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From Gilles Sadowski <gil...@harfang.homelinux.org>
Subject Re: [math] replace AbstractContinuousDistribution.getSolverAbsoluteAccuracy() with AbstractContinuousDistribution.getSolver()
Date Sun, 06 Nov 2011 22:16:03 GMT
On Sun, Nov 06, 2011 at 10:47:31AM -0700, Phil Steitz wrote:
> On 11/6/11 10:24 AM, Gilles Sadowski wrote:
> > On Sun, Nov 06, 2011 at 09:28:48AM -0700, Phil Steitz wrote:
> >> On 11/6/11 7:59 AM, Gilles Sadowski wrote:
> >>> On Sun, Nov 06, 2011 at 12:24:03AM -0700, Phil Steitz wrote:
> >>>> On 11/6/11 12:18 AM, S├ębastien Brisard wrote:
> >>>>>> +1, but your observation above then leads to the question where
are
> >>>>>> you going to get this value from?  There may not be a solver
to read
> >>>>>> it from.  I guess the default impl in the base class could just
> >>>>>> return BaseAbstractUnivariateRealSolver.DEFAULT_FUNCTION_VALUE_ACCURACY.
> >>>>>>
> >>>>>> Phil
> >>>>>>
> >>>>> Ah, that's one option I didn't think of. I intended to follow the
same
> >>>>> scheme as for getSolverAbsoluteAccuracy(), which returns
> >>>>> solverAbsoluteAccuracy (private field), possibly initialized with
> >>>>> DEFAULT_SOLVER_ABSOLUTE_ACCURACY (see AbstractContinuousDistribution).
> >>>>> Actually, using the BaseAbstractUnivariateRealSolver default value
is
> >>>>> probably better. However, these default values are private... So
maybe
> >>>>> we will have to select reasonable default values here.
> >>>> Ugh.  I remember complaining about that (the fact that the defaults
> >>>> were made private) for precisely this kind of reason.  Have to clone
> >>>> the value, I guess and keep it in synch with whatever Brent uses.
> >>>>
> >>>> Phil
> >>>>> S├ębastien
> >>> [I did not follow all the details of this discussion; sorry if I'm slightly
> >>> off base.]  But, if somewhere some _default_ accuracy is needed to pass
to a
> >>> _default_ solver, I'd say: instantiate the solver using its _default_
> >>> constructor; thus, no need to chase up instance variables used further up
> >>> the hierarchy.
> >> Read the post.  What is being reused is the default value itself. 
> >> There may or may not be a solver instantiated.
> > If there is no solver, why would you want to access an instance variable of
> > the solvers's base class?
> 
> What the code could use is access to the *default* function value
> accuracy, essentially to reuse the default value.  This is a reason
> that it is good to expose default configuration properties as public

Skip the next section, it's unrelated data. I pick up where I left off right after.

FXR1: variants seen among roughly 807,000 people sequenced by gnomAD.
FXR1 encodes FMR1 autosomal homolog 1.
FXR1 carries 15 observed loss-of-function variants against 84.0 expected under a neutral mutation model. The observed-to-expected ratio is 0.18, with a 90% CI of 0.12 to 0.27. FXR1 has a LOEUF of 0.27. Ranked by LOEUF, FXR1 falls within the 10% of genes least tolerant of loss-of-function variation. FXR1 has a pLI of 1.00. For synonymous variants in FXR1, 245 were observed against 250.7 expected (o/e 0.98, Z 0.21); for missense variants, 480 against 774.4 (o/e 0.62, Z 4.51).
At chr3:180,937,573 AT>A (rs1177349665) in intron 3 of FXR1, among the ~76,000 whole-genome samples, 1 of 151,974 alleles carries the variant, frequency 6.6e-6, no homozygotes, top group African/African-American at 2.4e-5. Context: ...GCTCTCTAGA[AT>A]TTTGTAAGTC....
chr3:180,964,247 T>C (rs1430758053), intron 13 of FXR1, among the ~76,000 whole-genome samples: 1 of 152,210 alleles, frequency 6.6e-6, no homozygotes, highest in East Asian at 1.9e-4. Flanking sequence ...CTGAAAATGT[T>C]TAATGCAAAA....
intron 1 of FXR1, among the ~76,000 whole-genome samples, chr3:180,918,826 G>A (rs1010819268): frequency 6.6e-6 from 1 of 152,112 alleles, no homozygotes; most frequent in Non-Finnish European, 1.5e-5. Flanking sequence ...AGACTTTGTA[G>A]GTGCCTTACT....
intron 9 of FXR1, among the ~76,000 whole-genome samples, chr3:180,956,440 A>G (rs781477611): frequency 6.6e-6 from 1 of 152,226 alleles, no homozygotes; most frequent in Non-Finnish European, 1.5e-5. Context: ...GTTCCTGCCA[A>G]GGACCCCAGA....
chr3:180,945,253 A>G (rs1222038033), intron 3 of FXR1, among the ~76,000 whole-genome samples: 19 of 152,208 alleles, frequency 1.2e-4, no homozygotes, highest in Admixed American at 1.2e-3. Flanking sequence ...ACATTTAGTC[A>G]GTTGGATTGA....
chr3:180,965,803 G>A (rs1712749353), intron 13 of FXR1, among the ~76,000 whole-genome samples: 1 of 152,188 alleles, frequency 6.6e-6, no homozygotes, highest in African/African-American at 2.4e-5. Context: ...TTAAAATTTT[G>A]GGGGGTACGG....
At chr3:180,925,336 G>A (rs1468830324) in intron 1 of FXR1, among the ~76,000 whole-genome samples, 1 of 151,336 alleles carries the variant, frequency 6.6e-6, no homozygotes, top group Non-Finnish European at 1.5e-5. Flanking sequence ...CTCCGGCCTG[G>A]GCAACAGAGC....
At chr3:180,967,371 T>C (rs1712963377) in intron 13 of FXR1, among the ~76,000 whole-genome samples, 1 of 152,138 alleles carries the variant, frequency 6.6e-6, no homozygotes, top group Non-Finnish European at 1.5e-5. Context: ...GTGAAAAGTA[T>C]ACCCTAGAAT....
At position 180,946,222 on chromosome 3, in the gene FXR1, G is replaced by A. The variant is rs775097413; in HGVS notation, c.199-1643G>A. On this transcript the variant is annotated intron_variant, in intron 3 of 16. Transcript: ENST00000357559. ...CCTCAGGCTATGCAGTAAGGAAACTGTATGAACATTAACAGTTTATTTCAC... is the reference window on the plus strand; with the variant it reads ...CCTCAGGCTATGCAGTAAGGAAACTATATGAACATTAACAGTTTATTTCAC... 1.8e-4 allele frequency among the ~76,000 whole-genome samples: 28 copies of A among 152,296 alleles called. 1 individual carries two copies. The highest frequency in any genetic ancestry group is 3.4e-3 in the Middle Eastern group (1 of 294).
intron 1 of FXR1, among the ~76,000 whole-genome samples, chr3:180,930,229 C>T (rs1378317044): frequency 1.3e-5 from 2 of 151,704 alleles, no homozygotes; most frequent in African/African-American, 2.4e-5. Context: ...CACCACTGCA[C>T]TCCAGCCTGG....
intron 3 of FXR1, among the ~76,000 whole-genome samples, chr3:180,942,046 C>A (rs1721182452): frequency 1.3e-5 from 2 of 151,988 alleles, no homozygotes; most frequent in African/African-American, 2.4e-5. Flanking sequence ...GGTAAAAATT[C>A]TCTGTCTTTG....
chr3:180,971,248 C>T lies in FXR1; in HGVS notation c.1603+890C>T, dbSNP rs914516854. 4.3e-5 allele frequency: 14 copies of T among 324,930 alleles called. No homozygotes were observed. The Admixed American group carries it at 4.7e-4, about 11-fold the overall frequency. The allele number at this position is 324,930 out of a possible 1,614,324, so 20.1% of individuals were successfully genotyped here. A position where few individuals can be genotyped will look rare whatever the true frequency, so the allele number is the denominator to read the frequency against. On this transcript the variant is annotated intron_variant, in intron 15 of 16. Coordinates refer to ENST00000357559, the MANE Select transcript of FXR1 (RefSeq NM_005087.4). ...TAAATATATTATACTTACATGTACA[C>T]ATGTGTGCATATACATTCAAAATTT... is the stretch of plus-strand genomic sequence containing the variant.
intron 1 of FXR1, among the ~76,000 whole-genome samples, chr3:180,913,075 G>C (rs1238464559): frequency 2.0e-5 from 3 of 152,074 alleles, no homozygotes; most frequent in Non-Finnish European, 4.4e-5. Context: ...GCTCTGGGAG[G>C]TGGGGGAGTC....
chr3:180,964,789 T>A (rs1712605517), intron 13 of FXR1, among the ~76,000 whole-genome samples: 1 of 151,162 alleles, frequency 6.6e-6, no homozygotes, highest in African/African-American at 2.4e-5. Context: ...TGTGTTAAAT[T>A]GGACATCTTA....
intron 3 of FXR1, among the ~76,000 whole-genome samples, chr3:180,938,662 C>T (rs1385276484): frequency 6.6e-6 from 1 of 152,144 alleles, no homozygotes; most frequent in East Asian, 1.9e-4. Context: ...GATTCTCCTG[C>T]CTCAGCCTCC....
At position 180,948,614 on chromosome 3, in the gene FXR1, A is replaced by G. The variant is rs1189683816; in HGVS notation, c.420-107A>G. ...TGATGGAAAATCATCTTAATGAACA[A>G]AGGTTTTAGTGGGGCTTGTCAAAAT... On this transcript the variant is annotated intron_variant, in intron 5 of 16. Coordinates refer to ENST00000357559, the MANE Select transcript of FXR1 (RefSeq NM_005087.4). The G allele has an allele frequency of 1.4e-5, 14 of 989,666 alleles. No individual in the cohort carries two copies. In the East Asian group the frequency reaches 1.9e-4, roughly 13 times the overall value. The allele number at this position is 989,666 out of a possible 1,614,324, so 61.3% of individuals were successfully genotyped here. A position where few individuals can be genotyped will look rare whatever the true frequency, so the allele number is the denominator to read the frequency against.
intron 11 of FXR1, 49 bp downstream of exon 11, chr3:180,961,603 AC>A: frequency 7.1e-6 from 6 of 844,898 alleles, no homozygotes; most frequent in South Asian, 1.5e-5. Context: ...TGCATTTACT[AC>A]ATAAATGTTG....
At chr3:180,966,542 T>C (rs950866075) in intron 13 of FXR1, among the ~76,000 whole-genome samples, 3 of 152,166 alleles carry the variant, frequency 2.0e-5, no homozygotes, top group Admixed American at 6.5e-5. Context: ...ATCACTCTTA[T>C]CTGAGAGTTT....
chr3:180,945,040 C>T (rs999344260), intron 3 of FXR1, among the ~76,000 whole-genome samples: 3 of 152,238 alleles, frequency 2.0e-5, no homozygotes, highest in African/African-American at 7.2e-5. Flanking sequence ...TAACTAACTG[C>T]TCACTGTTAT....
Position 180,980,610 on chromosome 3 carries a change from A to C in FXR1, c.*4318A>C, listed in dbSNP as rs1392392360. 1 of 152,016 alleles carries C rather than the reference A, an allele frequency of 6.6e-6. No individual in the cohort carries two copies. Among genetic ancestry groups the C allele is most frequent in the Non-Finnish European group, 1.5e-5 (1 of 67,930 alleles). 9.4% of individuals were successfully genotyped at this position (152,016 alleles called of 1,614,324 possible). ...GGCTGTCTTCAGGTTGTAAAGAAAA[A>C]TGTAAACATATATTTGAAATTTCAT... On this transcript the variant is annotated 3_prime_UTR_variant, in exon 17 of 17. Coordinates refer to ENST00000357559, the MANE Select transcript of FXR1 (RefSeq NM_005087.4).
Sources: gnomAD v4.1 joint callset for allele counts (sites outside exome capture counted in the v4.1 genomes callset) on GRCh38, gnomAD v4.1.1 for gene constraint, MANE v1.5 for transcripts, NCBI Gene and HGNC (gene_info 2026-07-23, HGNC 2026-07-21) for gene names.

> constants.  What the code is doing is checking to see if the domain
> upper / lower bounds return values under the function that are
> within the default function value accuracy (logically a property of
> the distribution at this point).  If this test succeeds, one of the
> domain endpoints will be returned and no solver will be
> instantiated.  It would be nice from a consistency perspective to
> use the default that BaseAbstractUnivariateRealSolver defines.

On the one hand you say
  "[...] default function value accuracy (logically a property of
   the distribution at this point) [...]"

On the other:
  "It would be nice from a consistency perspective to
   use the default that BaseAbstractUnivariateRealSolver defines."

I don't see why it is logical that the default value in one context
would be a good default in another. [I'm not even sure that it is a good
thing to provide defaults for the solvers.].
>From my point-of-view, "BaseAbstractUnivariateRealSolver" is an
implementation detail which shouldn't even be known from a user's
perspective.
The defaults there were defined only to allow the subclasses to be "sloppy"
in that they don't have to define 2 out of the 3 "DEFAULT...", on the
assumption (which may not always be correct) that for a solver instantiated
with the no-arg constructor, the algorithm's stopping criterion that will
matter is the "DEFAULT_ABSOLUTE_ACCURACY" and that one *is* indeed redefined
in each solver.
And again, I don't think that it is good that this default exists because it
makes it much less obvious that the criterion might in fact not satisfy the
user's actual need.
Of course, we have to balance that with ease of uses in some cases...


Gilles

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